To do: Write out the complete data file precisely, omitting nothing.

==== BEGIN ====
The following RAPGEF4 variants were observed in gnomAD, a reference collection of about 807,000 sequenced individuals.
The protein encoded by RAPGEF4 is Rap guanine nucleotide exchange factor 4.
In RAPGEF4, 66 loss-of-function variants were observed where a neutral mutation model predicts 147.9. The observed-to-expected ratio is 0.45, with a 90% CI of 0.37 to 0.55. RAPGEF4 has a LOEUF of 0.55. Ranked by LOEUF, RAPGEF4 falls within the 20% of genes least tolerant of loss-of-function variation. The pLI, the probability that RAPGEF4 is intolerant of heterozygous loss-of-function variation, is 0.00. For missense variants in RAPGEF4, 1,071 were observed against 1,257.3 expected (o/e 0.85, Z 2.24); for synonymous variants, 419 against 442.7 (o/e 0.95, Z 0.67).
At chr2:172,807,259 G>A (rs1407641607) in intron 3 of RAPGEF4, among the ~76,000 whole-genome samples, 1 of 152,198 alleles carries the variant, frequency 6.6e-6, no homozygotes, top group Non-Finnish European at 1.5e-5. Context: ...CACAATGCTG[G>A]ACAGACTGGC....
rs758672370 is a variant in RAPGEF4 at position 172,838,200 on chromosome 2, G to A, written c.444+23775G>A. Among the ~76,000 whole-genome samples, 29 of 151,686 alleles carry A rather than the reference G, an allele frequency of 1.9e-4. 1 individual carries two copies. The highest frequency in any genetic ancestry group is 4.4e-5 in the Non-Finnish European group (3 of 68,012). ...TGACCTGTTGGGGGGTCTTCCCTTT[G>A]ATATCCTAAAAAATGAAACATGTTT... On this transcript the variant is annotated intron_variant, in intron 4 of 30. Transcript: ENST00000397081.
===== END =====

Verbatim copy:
The following RAPGEF4 variants were observed in gnomAD, a reference collection of about 807,000 sequenced individuals.
The protein encoded by RAPGEF4 is Rap guanine nucleotide exchange factor 4.
In RAPGEF4, 66 loss-of-function variants were observed where a neutral mutation model predicts 147.9. The observed-to-expected ratio is 0.45, with a 90% CI of 0.37 to 0.55. RAPGEF4 has a LOEUF of 0.55. Ranked by LOEUF, RAPGEF4 falls within the 20% of genes least tolerant of loss-of-function variation. The pLI, the probability that RAPGEF4 is intolerant of heterozygous loss-of-function variation, is 0.00. For missense variants in RAPGEF4, 1,071 were observed against 1,257.3 expected (o/e 0.85, Z 2.24); for synonymous variants, 419 against 442.7 (o/e 0.95, Z 0.67).
At chr2:172,807,259 G>A (rs1407641607) in intron 3 of RAPGEF4, among the ~76,000 whole-genome samples, 1 of 152,198 alleles carries the variant, frequency 6.6e-6, no homozygotes, top group Non-Finnish European at 1.5e-5. Context: ...CACAATGCTG[G>A]ACAGACTGGC....
rs758672370 is a variant in RAPGEF4 at position 172,838,200 on chromosome 2, G to A, written c.444+23775G>A. Among the ~76,000 whole-genome samples, 29 of 151,686 alleles carry A rather than the reference G, an allele frequency of 1.9e-4. 1 individual carries two copies. The highest frequency in any genetic ancestry group is 4.4e-5 in the Non-Finnish European group (3 of 68,012). ...TGACCTGTTGGGGGGTCTTCCCTTT[G>A]ATATCCTAAAAAATGAAACATGTTT... On this transcript the variant is annotated intron_variant, in intron 4 of 30. Transcript: ENST00000397081.